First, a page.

Castle of Telc

In the second part of the 14th century the barons of Hradec built a Gothic castle in Telc, which was a simple building in an “L” shape that had first of all defending features, and was fortified by a wall and moat, even in the direction opposite the town. From 1550 Zachariáš of Hradec permanently resided in Telc and he had the old castle rebuilt and widened with a newly built Renaissance palace. The first stage of reconstruction was lead by the well-known architect Leopold Estreicher of Slavonice. From those days the rage sgraffito decorations of e. g. the small banqueting hall and of the treasury have been preserved. Other works were done under the supervision of the Italian artists whom Zachariáš used to invite to Telc during his tours of Italy where he was strongly influenced by the Italian Renaissance art. The completion of the general appearance of the Telc architecture was assigned to Baldassare Maggi of Arogno.

The original condition of most of the castle rooms was not impaired by the later castle owners either: Slavatas 1604 – 1693, Lichtenstein-Kastelkorn 1693 – 1762 and Podstatsky – Lichtenstein 1762 – 1945.

The most remarkable rooms of the Telc castle are the Renaissance halls with beautiful wooden panel ceilings. In the Theatre Hall the ceiling is formed by the panels containing painted masquers (completed in 1556). In the ceiling of the Knight Hall (1570) you will see the acts of Hercules (this painting is assigned to Raimund Paul). The Blue Hall, finished in 1561, contains the allegory of four elements personified by the Roman gods. The ceiling of the famous Golden Hall consists of 30 octagonal panels with impressive figurative wooden carvings (1561). A most important artistic monument is also the stucco decoration of the Chapel of All Saint (1850) with the marble grave stone to Zachariáš and Katerina surrounded by a decorative wrought grille.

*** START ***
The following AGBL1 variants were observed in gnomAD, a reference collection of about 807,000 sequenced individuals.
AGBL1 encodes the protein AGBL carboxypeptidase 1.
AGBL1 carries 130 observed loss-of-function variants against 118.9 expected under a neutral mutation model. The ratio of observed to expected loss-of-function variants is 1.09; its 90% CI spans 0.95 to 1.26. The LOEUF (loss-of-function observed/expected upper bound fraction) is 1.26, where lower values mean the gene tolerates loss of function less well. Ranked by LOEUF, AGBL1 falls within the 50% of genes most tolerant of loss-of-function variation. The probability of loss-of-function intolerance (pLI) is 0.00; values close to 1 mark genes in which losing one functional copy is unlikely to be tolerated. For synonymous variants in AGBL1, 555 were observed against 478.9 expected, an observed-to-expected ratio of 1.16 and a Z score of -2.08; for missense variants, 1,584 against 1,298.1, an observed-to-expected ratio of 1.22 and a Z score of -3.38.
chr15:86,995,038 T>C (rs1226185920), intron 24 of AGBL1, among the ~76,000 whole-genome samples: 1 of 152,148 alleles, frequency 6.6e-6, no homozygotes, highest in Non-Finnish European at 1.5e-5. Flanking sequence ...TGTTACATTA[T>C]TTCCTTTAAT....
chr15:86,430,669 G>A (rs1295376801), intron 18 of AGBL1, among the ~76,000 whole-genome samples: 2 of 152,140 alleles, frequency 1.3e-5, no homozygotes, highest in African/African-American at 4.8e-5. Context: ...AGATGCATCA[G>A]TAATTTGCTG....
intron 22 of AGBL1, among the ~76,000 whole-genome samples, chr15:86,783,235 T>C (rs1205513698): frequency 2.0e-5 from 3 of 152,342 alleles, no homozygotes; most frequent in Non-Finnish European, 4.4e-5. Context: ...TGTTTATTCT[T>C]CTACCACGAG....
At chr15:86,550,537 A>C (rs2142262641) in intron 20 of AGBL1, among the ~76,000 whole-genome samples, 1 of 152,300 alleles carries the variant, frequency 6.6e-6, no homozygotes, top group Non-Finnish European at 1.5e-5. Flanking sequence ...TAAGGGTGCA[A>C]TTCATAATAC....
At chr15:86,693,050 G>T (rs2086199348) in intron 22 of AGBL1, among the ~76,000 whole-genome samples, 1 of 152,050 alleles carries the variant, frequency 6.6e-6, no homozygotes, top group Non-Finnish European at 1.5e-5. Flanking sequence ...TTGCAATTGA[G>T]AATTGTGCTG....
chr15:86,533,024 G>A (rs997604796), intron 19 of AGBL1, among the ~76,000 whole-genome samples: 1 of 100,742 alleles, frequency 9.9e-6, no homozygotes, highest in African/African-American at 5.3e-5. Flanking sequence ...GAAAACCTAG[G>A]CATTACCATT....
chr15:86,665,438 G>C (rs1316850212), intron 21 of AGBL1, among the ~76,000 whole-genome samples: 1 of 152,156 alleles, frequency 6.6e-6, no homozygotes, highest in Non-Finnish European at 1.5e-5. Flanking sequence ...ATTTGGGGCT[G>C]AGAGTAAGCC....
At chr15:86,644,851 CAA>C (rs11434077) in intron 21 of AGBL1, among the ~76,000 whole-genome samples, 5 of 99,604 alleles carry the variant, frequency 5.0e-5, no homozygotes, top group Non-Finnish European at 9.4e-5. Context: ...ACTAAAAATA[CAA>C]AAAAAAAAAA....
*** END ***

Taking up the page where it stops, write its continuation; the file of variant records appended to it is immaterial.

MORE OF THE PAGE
With regard to the precious objects on display, you should pay particular attention to the Renaissance jewel-box with the inlaid works dating from 1566, to the armour which is situated in the Knight Hall and dates from the 15th and 16th centuries and to the collection of fire arms containing beautifully decorated rifles from the 17th century. In this hall you will also find the portraits of Zachariáš of Hradec, of his first wife Katerina z Valdštejna and the one of famous “White Lady” Perchta of Rožmberk. In the Blue Hall you can see the picture of Prague defenestration during which the then-owner of Telc, Vilém Slavata was thrown out of Prague Castle window. Rare portraits of Zachariáš´s parents, Anna and Adam which were painted by Jacob Sweiseneger can be seen in the Golden Hall.

The second exhibition route leads through the flat of the last castle owners, the Podstatsky-Lichtensteins. Its furnichings, mostly in their original conditions, represent a significant testimony of the appearance of noble interiors. Among some very interesting exhibits special attention should be paid to the jewel-box from the 17th century, to the collection of historical faiences and to other beautiful works of art. The greenhouse constructed in the Classicist style you will find in the park of the chateau (second quater of the 19th century).

Within the chateau rooms the Gallery of Jan Zrzavý is situated where you can see a survey of the work of this distinguished Czech painter. Here you will also find a branch of the Museum of Uplands. The Telc Museum founded in 1886 is the oldest one within the region of south-west Moravia. Along with the outstanding exhibits of the museum there belongs also a large model of the town dating from 1890, a movable Christmas crib, rich collections that are not only ethnographic, but also historical and archaeological.